18 November 2012

[18] East of Eden

I don't really think of myself as much of a reader of the classics. So many of them are just so boring. I don't do boring books, which is why I don't read much non-fiction, unless it is a memoir.

(L. and I were talking about fiction the other night, and how narrative is a different kind of truth, if you don't make the mistake of thinking that truth = facts. (It doesn't. In this age of science, we would like the two to be the same, but they aren't.))

(I borrowed The Poisoner's Handbook from my boss probably close to a year ago, and I can't get into it. I want to get into it, badly, because what is more bad-ass than sitting in a coffee shop reading a book called The Poisoner's Handbook? 

But, alas, it's not working.)

The classics, though. I generally write them off, but then there are the ones that I love. Jane Austen. The Brontes. Dracula. 

Middlemarch got wearisome.

I put East of Eden on hold at the library a while ago, after reading a quote from it online somewhere, and I renewed it three times without reading it.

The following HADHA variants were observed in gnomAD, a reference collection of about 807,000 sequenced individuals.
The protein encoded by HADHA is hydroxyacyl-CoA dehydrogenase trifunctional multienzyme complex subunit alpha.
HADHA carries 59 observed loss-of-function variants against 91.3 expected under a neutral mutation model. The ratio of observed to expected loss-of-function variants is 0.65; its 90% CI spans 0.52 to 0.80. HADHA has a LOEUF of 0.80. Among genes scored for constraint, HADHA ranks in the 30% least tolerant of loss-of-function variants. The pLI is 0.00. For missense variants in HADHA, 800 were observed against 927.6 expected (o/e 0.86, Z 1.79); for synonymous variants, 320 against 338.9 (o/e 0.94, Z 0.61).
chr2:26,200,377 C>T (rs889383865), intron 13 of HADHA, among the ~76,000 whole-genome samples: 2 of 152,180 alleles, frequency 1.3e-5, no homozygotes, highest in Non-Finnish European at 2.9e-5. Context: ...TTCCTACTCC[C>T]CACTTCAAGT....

Then it sat on my bathroom counter for almost a week, open to one of the first pages. I just couldn't get started, not when I had the next in the Temeraire series to read.

I read Grapes of Wrath years ago, so it's not like I'm unfamiliar with Steinbeck. At least, I think I read Grapes of Wrath. I remember the movie more clearly than the book, which may not be saying much for my AP English class. But I remember conversations about the book, so we must have read it. (Isn't it odd how reading something for a class makes it inherently less interesting, even if you would have liked it absent the assignment?)

This is a very long and tedious way of saying that I finally got into East of Eden, and it's good. Go read it, if you are looking for a book to read.

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